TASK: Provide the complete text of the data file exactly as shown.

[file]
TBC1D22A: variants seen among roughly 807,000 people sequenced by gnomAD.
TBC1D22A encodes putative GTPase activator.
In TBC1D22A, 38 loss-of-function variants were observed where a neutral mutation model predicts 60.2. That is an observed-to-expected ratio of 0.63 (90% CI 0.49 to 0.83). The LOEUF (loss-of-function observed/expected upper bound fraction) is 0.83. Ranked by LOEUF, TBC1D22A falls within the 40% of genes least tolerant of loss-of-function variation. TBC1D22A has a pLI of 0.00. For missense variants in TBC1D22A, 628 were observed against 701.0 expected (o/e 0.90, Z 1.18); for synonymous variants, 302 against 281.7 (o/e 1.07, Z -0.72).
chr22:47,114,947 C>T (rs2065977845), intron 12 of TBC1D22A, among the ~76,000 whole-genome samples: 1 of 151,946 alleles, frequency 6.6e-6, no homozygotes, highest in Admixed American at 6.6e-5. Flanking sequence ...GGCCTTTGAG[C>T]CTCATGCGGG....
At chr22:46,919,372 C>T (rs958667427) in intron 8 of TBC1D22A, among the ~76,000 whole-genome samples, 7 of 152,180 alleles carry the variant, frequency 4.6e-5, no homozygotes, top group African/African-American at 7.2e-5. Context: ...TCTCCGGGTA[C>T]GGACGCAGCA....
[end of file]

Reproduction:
TBC1D22A: variants seen among roughly 807,000 people sequenced by gnomAD.
TBC1D22A encodes putative GTPase activator.
In TBC1D22A, 38 loss-of-function variants were observed where a neutral mutation model predicts 60.2. That is an observed-to-expected ratio of 0.63 (90% CI 0.49 to 0.83). The LOEUF (loss-of-function observed/expected upper bound fraction) is 0.83. Ranked by LOEUF, TBC1D22A falls within the 40% of genes least tolerant of loss-of-function variation. TBC1D22A has a pLI of 0.00. For missense variants in TBC1D22A, 628 were observed against 701.0 expected (o/e 0.90, Z 1.18); for synonymous variants, 302 against 281.7 (o/e 1.07, Z -0.72).
chr22:47,114,947 C>T (rs2065977845), intron 12 of TBC1D22A, among the ~76,000 whole-genome samples: 1 of 151,946 alleles, frequency 6.6e-6, no homozygotes, highest in Admixed American at 6.6e-5. Flanking sequence ...GGCCTTTGAG[C>T]CTCATGCGGG....
At chr22:46,919,372 C>T (rs958667427) in intron 8 of TBC1D22A, among the ~76,000 whole-genome samples, 7 of 152,180 alleles carry the variant, frequency 4.6e-5, no homozygotes, top group African/African-American at 7.2e-5. Context: ...TCTCCGGGTA[C>T]GGACGCAGCA....